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Bridging the Digital Divide in SCI West

April 1, 2011

Back in 2003, the People’s Emergency Center (PEC) recognized that computers with internet access were becoming a basic necessity, like food, heat, and electricity. In order to fulfill its mission to provide social services to underserved families in West Philadelphia, PEC would have to help these individuals cross the “digital divide.”

“If people don’t have computing skills or access to a broadband connection, which are so crucial in today’s society, then they are missing critical opportunities—such as applying for jobs online,” says Tan Vu, Director of the Digital Inclusion program at PEC, which was created specifically to bridge this divide. “We saw that, without these skills and this access, these individuals were at risk for falling behind even further.” Initially Digital Inclusion focused on providing low-cost internet access and refurbished computers to qualified residents, but the program has since grown to include a range of comprehensive training classes for youth as well as adults.

Digital Inclusion first offered a comprehensive Community Class for adults, a focus that remains strong seven years later. Offered every other month, free of charge, the class is held two to three evenings a week for four weeks. It covers computer and technology basics, including the internet, email, social networking, word processing, and spreadsheets. Advanced classes are also available. There are generally ten to twelve people in each class, including local residents or parents of students in the teen classes. Adult learners can purchase refurbished computers at the conclusion of the program for $150.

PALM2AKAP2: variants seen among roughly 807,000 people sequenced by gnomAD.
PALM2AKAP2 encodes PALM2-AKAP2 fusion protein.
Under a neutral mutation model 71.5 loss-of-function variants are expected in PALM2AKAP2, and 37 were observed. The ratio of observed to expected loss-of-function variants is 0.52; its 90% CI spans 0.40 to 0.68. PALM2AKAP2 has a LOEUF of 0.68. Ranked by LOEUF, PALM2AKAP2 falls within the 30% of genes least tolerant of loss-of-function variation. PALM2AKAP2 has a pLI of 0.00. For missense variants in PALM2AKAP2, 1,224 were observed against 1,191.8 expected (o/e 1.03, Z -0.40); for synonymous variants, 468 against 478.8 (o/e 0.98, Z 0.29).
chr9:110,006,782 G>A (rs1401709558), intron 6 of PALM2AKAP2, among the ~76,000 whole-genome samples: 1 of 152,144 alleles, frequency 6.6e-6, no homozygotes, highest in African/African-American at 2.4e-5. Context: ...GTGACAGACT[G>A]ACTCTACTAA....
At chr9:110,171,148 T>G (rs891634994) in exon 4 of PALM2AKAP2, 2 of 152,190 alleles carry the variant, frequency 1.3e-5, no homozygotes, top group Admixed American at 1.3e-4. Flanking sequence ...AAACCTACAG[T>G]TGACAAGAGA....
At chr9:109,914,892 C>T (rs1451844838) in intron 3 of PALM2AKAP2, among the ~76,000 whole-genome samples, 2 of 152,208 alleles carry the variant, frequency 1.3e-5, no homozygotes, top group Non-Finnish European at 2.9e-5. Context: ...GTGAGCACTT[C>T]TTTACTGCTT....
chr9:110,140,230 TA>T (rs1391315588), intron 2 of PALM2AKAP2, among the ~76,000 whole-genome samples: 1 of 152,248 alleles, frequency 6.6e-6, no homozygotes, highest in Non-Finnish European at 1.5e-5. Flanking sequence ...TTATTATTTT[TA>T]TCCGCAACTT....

Over time the program has grown to include the Digital Connectors program for teens. These classes build teens’ command of computer operations as well as computer refurbishment/repair, multimedia production, and the digital arts. Class components also emphasize financial literacy, leadership skills, and community service. Students received free computers at the conclusion of the program thanks to the Comcast One Economy Corporation, in partnership with the City’s Department of Commerce.

A third component is Sixth Grade Stars, offered after school for ten weeks to students from neighborhood elementary schools. Slightly less intensive than the teen class, Sixth Grade Stars teaches technology literacy using proven web-based curriculum and interactive group projects. There are generally ten students per group, and PEC offers the class in spring, summer, and fall.

“We’re proud to see how this initiative has grown,” says Iola Harper, Executive Director of the SCI-West partnership, which supports collaboration between PEC and three other Community Development Corporations (CDCs) in West Philadelphia. “It has been successful in cutting across several programmatic areas within the community it serves.”

Helping Teens to “Digitally Connect”

Twenty-four young people completed the first Digital Connectors Program that started in the fall of 2010. The college-level curriculum includes leadership skills as well as Cisco IT Essentials—one of the first certificates neededto become an IT professional. The required 156 hours includes 60 hours that teen students must devote to serving the community. “Students use their computer skills and laptops to provide communications services or design websites that benefit local businesses,” says Mr. Vu.